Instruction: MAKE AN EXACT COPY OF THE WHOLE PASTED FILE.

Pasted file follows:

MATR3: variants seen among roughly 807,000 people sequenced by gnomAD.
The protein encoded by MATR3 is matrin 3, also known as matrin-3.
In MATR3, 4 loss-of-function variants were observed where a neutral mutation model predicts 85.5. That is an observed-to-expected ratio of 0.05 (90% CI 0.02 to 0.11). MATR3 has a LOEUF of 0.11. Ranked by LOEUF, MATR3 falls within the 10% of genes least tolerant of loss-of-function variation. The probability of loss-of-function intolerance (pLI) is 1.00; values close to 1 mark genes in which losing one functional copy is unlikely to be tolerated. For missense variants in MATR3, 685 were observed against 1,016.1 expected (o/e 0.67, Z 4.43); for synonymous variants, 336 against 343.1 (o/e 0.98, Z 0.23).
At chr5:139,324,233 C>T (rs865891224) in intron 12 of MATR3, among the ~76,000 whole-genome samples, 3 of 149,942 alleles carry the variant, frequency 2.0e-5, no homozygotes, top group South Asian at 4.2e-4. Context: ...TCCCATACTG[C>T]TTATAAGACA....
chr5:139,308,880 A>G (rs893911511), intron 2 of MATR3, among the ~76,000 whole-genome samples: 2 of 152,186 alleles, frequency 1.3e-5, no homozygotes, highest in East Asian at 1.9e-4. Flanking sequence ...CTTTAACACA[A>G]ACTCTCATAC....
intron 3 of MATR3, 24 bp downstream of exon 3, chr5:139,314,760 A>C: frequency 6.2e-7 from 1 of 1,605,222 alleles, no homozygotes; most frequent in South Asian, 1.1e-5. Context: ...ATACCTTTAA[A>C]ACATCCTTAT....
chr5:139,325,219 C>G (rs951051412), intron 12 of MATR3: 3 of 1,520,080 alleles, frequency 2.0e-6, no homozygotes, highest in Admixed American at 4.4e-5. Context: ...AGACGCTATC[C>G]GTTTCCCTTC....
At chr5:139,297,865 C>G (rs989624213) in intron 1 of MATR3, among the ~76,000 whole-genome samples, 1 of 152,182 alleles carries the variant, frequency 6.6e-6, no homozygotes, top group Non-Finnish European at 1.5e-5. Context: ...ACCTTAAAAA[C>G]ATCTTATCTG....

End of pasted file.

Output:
MATR3: variants seen among roughly 807,000 people sequenced by gnomAD.
The protein encoded by MATR3 is matrin 3, also known as matrin-3.
In MATR3, 4 loss-of-function variants were observed where a neutral mutation model predicts 85.5. That is an observed-to-expected ratio of 0.05 (90% CI 0.02 to 0.11). MATR3 has a LOEUF of 0.11. Ranked by LOEUF, MATR3 falls within the 10% of genes least tolerant of loss-of-function variation. The probability of loss-of-function intolerance (pLI) is 1.00; values close to 1 mark genes in which losing one functional copy is unlikely to be tolerated. For missense variants in MATR3, 685 were observed against 1,016.1 expected (o/e 0.67, Z 4.43); for synonymous variants, 336 against 343.1 (o/e 0.98, Z 0.23).
At chr5:139,324,233 C>T (rs865891224) in intron 12 of MATR3, among the ~76,000 whole-genome samples, 3 of 149,942 alleles carry the variant, frequency 2.0e-5, no homozygotes, top group South Asian at 4.2e-4. Context: ...TCCCATACTG[C>T]TTATAAGACA....
chr5:139,308,880 A>G (rs893911511), intron 2 of MATR3, among the ~76,000 whole-genome samples: 2 of 152,186 alleles, frequency 1.3e-5, no homozygotes, highest in East Asian at 1.9e-4. Flanking sequence ...CTTTAACACA[A>G]ACTCTCATAC....
intron 3 of MATR3, 24 bp downstream of exon 3, chr5:139,314,760 A>C: frequency 6.2e-7 from 1 of 1,605,222 alleles, no homozygotes; most frequent in South Asian, 1.1e-5. Context: ...ATACCTTTAA[A>C]ACATCCTTAT....
chr5:139,325,219 C>G (rs951051412), intron 12 of MATR3: 3 of 1,520,080 alleles, frequency 2.0e-6, no homozygotes, highest in Admixed American at 4.4e-5. Context: ...AGACGCTATC[C>G]GTTTCCCTTC....
At chr5:139,297,865 C>G (rs989624213) in intron 1 of MATR3, among the ~76,000 whole-genome samples, 1 of 152,182 alleles carries the variant, frequency 6.6e-6, no homozygotes, top group Non-Finnish European at 1.5e-5. Context: ...ACCTTAAAAA[C>G]ATCTTATCTG....